The era of privacy in America and elsewhere is over. The NSA enjoys broad, unchecked surveillance over phone calls, and virtually all data that changes hands on the Internet, at least through the major US companies, is routinely at their fingertips.
It begins at the NSA, but where does it end? That’s an open question, but the enormous treasure trove of personal information on Americans and, indeed, everybody else, is being shared around the English-speaking world.
Britain’s GCHQ, their NSA-counterpart, has been given access to the NSA’s scheme, and according to some reports has been using it to circumvent British bans on them surveilling British citizens. Because it’s not Brit-on-Brit surveillance, it’s the Americans, surveilling Britons for them.
And of course it wouldn’t stop there. The US-UK information sharing has since been expanded, to include Australia, Canada, and New Zealand. US officials confirmed this, in fact, saying that the foreign spies aren’t allowed to sit “at the actual terminals,” but they get unredacted access to the results after the NSA types in their requests for them.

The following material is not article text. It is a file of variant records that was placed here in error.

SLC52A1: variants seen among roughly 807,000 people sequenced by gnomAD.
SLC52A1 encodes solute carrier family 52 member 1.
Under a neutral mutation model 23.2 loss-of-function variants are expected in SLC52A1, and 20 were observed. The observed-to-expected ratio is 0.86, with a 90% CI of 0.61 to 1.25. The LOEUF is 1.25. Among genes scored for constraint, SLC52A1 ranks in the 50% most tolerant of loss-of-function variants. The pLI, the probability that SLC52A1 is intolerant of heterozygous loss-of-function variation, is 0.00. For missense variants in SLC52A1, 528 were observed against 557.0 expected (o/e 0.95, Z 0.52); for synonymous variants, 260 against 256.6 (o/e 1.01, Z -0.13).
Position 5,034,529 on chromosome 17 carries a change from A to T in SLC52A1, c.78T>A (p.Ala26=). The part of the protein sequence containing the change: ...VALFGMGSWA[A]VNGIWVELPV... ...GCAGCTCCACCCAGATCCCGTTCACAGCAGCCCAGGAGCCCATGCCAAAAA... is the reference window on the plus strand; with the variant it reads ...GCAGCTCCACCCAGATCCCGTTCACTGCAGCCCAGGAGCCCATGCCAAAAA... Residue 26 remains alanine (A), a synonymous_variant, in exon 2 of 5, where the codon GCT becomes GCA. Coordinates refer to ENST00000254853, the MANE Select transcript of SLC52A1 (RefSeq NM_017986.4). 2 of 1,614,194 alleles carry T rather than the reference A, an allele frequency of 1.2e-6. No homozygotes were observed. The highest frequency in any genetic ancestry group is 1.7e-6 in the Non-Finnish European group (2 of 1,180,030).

What about surveillance-enthusiast Israel? They’re involved too, it turns out, with two Israeli companies closely tied with Israel’s domestic spy agencies not only linked to the program, but actually doing a lot of the work installing the system for the NSA.
All of that’s got Europe (minus Britain) pretty nervous, by all accounts, and German Privacy Minister Peter Schaar condemned the program as “monstrous,” demanding the US provide clarity into why this wasn’t as reprehensible as it, clear as we can tell, is.
The only concrete proposal came from the Hessian Justice Minister, Joerg-Uwe Hahn, who called for a total boycott of all the companies involved, insisting their “flippant” attitude was unacceptable. How practical this is however is unclear, since Google and Microsoft, between them, account for virtually the whole search engine industry, and are both complicit.